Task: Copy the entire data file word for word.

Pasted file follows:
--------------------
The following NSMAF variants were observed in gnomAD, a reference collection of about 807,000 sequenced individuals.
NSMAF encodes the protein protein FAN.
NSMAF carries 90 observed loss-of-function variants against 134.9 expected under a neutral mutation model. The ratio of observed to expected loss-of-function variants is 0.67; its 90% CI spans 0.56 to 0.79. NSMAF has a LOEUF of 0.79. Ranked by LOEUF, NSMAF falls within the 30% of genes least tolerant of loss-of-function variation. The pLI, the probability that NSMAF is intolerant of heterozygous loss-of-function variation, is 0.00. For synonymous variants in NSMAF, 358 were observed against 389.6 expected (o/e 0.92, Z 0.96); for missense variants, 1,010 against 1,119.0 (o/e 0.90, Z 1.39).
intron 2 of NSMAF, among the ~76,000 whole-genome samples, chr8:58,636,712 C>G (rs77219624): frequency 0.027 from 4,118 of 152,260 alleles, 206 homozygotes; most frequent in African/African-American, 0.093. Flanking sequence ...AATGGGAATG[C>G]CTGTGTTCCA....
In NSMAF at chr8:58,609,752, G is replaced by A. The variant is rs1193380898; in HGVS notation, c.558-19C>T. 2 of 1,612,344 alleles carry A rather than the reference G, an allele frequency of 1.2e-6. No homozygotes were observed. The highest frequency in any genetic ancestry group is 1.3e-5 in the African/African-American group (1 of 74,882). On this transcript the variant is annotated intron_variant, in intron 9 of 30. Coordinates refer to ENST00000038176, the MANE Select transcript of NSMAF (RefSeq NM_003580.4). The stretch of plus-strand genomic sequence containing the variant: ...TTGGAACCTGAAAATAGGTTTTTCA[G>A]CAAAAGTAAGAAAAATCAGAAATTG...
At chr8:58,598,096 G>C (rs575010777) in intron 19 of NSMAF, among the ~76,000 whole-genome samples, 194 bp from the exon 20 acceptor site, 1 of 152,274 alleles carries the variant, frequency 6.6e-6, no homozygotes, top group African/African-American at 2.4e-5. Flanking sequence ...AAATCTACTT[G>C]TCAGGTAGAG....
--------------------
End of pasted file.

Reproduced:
The following NSMAF variants were observed in gnomAD, a reference collection of about 807,000 sequenced individuals.
NSMAF encodes the protein protein FAN.
NSMAF carries 90 observed loss-of-function variants against 134.9 expected under a neutral mutation model. The ratio of observed to expected loss-of-function variants is 0.67; its 90% CI spans 0.56 to 0.79. NSMAF has a LOEUF of 0.79. Ranked by LOEUF, NSMAF falls within the 30% of genes least tolerant of loss-of-function variation. The pLI, the probability that NSMAF is intolerant of heterozygous loss-of-function variation, is 0.00. For synonymous variants in NSMAF, 358 were observed against 389.6 expected (o/e 0.92, Z 0.96); for missense variants, 1,010 against 1,119.0 (o/e 0.90, Z 1.39).
intron 2 of NSMAF, among the ~76,000 whole-genome samples, chr8:58,636,712 C>G (rs77219624): frequency 0.027 from 4,118 of 152,260 alleles, 206 homozygotes; most frequent in African/African-American, 0.093. Flanking sequence ...AATGGGAATG[C>G]CTGTGTTCCA....
In NSMAF at chr8:58,609,752, G is replaced by A. The variant is rs1193380898; in HGVS notation, c.558-19C>T. 2 of 1,612,344 alleles carry A rather than the reference G, an allele frequency of 1.2e-6. No homozygotes were observed. The highest frequency in any genetic ancestry group is 1.3e-5 in the African/African-American group (1 of 74,882). On this transcript the variant is annotated intron_variant, in intron 9 of 30. Coordinates refer to ENST00000038176, the MANE Select transcript of NSMAF (RefSeq NM_003580.4). The stretch of plus-strand genomic sequence containing the variant: ...TTGGAACCTGAAAATAGGTTTTTCA[G>A]CAAAAGTAAGAAAAATCAGAAATTG...
At chr8:58,598,096 G>C (rs575010777) in intron 19 of NSMAF, among the ~76,000 whole-genome samples, 194 bp from the exon 20 acceptor site, 1 of 152,274 alleles carries the variant, frequency 6.6e-6, no homozygotes, top group African/African-American at 2.4e-5. Flanking sequence ...AAATCTACTT[G>C]TCAGGTAGAG....